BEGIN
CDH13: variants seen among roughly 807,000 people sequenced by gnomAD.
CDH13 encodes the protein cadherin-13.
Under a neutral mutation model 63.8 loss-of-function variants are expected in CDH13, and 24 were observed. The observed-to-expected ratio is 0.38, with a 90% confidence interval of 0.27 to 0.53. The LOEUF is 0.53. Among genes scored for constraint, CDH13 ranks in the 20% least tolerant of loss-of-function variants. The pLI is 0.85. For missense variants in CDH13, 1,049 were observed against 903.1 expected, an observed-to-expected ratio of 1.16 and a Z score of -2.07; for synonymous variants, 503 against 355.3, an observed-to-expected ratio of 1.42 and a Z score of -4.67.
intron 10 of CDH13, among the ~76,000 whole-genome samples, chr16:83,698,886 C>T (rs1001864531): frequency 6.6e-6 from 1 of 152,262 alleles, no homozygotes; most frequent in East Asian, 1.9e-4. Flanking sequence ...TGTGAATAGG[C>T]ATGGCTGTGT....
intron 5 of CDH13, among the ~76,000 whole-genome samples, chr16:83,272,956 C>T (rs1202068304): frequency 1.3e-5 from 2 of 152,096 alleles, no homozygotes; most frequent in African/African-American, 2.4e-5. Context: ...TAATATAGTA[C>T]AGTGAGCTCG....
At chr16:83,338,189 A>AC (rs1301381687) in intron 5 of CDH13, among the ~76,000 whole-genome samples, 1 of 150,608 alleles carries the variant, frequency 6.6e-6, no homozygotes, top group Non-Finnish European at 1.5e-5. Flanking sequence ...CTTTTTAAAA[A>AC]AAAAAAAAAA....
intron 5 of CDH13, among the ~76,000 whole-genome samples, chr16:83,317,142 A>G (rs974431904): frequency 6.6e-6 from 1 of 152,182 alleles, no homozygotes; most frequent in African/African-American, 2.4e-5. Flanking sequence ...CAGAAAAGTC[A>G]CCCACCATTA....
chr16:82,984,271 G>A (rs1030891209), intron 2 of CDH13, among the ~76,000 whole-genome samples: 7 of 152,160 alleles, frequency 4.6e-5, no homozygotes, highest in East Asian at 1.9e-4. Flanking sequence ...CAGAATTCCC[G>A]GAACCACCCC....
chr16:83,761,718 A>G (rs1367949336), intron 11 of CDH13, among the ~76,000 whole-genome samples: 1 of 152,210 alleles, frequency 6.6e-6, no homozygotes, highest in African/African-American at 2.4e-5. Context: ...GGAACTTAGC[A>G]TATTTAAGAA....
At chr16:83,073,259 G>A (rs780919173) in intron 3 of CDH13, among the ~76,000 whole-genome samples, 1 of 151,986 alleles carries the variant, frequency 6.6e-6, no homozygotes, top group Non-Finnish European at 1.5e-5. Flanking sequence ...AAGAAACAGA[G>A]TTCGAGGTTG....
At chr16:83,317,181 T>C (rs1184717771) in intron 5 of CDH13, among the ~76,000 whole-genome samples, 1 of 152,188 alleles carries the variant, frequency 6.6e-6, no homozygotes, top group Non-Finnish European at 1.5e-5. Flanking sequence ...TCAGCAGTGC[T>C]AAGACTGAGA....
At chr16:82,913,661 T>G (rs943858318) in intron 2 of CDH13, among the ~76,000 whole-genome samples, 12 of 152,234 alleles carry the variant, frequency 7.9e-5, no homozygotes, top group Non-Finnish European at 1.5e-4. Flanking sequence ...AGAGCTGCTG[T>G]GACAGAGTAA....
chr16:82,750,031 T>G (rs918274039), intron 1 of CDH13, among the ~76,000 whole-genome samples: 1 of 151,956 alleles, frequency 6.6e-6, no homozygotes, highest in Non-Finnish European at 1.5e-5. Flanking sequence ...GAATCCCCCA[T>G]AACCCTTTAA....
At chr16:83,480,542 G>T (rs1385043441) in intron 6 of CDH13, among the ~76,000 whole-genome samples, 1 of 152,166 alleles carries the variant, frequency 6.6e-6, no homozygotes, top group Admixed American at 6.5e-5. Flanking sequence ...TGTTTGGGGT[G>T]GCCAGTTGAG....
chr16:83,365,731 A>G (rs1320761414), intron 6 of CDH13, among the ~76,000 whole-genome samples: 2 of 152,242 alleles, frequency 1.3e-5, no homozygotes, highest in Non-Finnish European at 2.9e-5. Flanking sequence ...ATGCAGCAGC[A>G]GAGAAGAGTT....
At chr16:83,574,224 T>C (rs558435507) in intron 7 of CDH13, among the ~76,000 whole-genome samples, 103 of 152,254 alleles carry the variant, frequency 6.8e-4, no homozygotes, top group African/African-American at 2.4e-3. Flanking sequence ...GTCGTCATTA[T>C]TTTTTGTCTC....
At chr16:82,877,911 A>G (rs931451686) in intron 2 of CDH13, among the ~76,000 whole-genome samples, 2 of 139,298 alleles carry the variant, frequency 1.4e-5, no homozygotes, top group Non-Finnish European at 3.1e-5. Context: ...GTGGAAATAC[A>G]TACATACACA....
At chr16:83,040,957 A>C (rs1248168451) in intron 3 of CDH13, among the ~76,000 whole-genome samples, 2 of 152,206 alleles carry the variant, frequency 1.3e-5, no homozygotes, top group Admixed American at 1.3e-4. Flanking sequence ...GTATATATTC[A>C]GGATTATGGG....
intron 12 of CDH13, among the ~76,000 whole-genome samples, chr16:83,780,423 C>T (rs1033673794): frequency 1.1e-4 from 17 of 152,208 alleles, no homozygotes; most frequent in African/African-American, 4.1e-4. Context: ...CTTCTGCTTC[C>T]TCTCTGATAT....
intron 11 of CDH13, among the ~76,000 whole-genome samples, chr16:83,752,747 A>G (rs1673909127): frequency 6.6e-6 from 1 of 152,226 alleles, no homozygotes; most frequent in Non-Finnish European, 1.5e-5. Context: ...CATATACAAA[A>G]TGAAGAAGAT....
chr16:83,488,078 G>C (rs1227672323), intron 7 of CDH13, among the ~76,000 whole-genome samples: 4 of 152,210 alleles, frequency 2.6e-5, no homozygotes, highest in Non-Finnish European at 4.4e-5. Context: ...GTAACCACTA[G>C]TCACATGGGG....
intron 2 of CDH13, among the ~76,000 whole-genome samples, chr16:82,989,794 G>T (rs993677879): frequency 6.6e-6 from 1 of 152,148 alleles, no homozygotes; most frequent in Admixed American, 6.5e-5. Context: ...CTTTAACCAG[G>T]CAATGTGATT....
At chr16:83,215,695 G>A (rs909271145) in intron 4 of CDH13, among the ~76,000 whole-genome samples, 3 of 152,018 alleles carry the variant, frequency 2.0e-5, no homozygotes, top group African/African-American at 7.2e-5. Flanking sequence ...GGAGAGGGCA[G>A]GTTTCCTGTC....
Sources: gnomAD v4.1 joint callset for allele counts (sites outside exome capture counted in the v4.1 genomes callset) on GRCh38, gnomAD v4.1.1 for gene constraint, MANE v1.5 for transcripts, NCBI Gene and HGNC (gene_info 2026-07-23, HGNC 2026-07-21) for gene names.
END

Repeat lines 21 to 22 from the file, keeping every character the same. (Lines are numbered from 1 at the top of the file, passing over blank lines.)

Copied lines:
chr16:83,488,078 G>C (rs1227672323), intron 7 of CDH13, among the ~76,000 whole-genome samples: 4 of 152,210 alleles, frequency 2.6e-5, no homozygotes, highest in Non-Finnish European at 4.4e-5. Context: ...GTAACCACTA[G>C]TCACATGGGG....
intron 2 of CDH13, among the ~76,000 whole-genome samples, chr16:82,989,794 G>T (rs993677879): frequency 6.6e-6 from 1 of 152,148 alleles, no homozygotes; most frequent in Admixed American, 6.5e-5. Context: ...CTTTAACCAG[G>T]CAATGTGATT....